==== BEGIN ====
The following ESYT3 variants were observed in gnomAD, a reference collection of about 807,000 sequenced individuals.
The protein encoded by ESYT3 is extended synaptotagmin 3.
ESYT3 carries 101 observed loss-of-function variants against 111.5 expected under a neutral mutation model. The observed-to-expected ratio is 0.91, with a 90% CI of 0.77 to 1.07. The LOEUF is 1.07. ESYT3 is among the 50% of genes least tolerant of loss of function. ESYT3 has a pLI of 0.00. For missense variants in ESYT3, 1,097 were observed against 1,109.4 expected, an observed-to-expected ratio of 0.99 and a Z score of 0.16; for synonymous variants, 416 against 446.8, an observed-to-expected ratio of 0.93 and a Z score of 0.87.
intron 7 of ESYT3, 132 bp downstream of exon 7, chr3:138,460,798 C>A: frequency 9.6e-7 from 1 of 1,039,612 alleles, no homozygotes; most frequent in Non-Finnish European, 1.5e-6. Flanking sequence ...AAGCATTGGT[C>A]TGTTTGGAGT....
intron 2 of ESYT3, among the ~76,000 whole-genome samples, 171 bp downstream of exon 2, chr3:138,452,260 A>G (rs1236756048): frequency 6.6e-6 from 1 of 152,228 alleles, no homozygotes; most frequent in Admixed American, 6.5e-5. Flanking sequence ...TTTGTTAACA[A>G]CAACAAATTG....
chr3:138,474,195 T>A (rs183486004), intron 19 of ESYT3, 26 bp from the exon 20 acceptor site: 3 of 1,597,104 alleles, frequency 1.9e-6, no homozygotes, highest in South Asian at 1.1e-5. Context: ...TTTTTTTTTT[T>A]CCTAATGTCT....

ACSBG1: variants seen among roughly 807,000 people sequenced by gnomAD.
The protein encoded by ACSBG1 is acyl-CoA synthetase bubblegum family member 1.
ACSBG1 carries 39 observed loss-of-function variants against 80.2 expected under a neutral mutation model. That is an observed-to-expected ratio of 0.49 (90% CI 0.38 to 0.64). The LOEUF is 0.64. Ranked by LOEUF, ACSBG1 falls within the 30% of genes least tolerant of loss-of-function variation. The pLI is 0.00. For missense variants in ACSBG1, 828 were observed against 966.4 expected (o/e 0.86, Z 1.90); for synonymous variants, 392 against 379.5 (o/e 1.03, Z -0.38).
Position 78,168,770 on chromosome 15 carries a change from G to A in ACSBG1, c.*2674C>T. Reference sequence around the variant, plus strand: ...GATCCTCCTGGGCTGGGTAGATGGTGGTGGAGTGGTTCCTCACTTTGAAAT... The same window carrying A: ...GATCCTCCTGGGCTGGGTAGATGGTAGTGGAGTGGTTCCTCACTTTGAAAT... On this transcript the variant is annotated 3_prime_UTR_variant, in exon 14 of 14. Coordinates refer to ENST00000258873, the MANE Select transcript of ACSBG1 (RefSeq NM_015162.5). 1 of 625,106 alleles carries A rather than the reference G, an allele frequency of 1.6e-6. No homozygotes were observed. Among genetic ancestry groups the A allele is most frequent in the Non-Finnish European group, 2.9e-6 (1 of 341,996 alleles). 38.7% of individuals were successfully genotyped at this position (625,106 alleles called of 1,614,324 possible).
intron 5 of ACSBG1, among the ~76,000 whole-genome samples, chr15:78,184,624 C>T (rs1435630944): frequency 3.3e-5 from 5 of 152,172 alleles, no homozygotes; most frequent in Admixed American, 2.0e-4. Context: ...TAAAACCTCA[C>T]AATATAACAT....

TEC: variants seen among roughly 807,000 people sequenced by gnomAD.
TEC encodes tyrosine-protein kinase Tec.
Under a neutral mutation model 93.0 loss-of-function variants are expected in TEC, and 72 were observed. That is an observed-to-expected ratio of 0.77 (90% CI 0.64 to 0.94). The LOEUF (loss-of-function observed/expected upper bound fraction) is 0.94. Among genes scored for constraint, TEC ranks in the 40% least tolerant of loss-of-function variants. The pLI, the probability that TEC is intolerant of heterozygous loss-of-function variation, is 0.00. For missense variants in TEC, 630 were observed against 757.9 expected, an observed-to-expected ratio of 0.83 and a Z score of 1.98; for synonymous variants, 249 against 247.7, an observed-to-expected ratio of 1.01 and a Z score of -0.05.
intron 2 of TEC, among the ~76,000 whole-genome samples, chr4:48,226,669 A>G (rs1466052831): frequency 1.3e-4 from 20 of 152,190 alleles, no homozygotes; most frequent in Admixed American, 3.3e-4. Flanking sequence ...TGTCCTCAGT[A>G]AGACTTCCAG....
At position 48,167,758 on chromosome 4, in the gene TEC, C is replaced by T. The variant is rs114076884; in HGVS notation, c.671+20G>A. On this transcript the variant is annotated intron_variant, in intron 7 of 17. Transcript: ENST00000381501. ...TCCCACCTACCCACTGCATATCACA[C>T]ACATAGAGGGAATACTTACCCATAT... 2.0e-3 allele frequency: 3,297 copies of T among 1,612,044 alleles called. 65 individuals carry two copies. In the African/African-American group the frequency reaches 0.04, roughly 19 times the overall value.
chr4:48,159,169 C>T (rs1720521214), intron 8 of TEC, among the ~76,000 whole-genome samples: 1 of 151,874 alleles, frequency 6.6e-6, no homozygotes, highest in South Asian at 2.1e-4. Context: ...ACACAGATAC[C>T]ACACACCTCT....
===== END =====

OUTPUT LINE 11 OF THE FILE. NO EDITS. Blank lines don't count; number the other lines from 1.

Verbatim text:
intron 5 of ACSBG1, among the ~76,000 whole-genome samples, chr15:78,184,624 C>T (rs1435630944): frequency 3.3e-5 from 5 of 152,172 alleles, no homozygotes; most frequent in Admixed American, 2.0e-4. Context: ...TAAAACCTCA[C>T]AATATAACAT....